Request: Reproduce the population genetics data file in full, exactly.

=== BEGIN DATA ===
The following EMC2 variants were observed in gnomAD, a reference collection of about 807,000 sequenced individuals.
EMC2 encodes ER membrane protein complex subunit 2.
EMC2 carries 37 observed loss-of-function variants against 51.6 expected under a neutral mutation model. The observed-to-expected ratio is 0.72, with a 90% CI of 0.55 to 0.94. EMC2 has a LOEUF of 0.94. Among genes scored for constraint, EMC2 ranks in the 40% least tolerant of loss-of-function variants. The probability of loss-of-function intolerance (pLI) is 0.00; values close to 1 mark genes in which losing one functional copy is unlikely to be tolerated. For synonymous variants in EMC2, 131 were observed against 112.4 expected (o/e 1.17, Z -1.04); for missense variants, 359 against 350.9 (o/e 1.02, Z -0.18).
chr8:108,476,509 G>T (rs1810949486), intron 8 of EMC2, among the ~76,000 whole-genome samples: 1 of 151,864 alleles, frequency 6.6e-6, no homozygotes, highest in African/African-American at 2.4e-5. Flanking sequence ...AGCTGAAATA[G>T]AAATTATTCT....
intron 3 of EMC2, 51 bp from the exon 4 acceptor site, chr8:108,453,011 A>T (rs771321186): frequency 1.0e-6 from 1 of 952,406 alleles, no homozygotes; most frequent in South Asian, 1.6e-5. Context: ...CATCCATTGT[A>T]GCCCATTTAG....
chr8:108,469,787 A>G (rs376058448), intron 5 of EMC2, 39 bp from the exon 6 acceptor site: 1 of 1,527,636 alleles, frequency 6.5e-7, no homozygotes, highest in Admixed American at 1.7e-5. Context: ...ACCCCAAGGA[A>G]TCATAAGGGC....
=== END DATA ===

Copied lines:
The following EMC2 variants were observed in gnomAD, a reference collection of about 807,000 sequenced individuals.
EMC2 encodes ER membrane protein complex subunit 2.
EMC2 carries 37 observed loss-of-function variants against 51.6 expected under a neutral mutation model. The observed-to-expected ratio is 0.72, with a 90% CI of 0.55 to 0.94. EMC2 has a LOEUF of 0.94. Among genes scored for constraint, EMC2 ranks in the 40% least tolerant of loss-of-function variants. The probability of loss-of-function intolerance (pLI) is 0.00; values close to 1 mark genes in which losing one functional copy is unlikely to be tolerated. For synonymous variants in EMC2, 131 were observed against 112.4 expected (o/e 1.17, Z -1.04); for missense variants, 359 against 350.9 (o/e 1.02, Z -0.18).
chr8:108,476,509 G>T (rs1810949486), intron 8 of EMC2, among the ~76,000 whole-genome samples: 1 of 151,864 alleles, frequency 6.6e-6, no homozygotes, highest in African/African-American at 2.4e-5. Flanking sequence ...AGCTGAAATA[G>T]AAATTATTCT....
intron 3 of EMC2, 51 bp from the exon 4 acceptor site, chr8:108,453,011 A>T (rs771321186): frequency 1.0e-6 from 1 of 952,406 alleles, no homozygotes; most frequent in South Asian, 1.6e-5. Context: ...CATCCATTGT[A>T]GCCCATTTAG....
chr8:108,469,787 A>G (rs376058448), intron 5 of EMC2, 39 bp from the exon 6 acceptor site: 1 of 1,527,636 alleles, frequency 6.5e-7, no homozygotes, highest in Admixed American at 1.7e-5. Context: ...ACCCCAAGGA[A>G]TCATAAGGGC....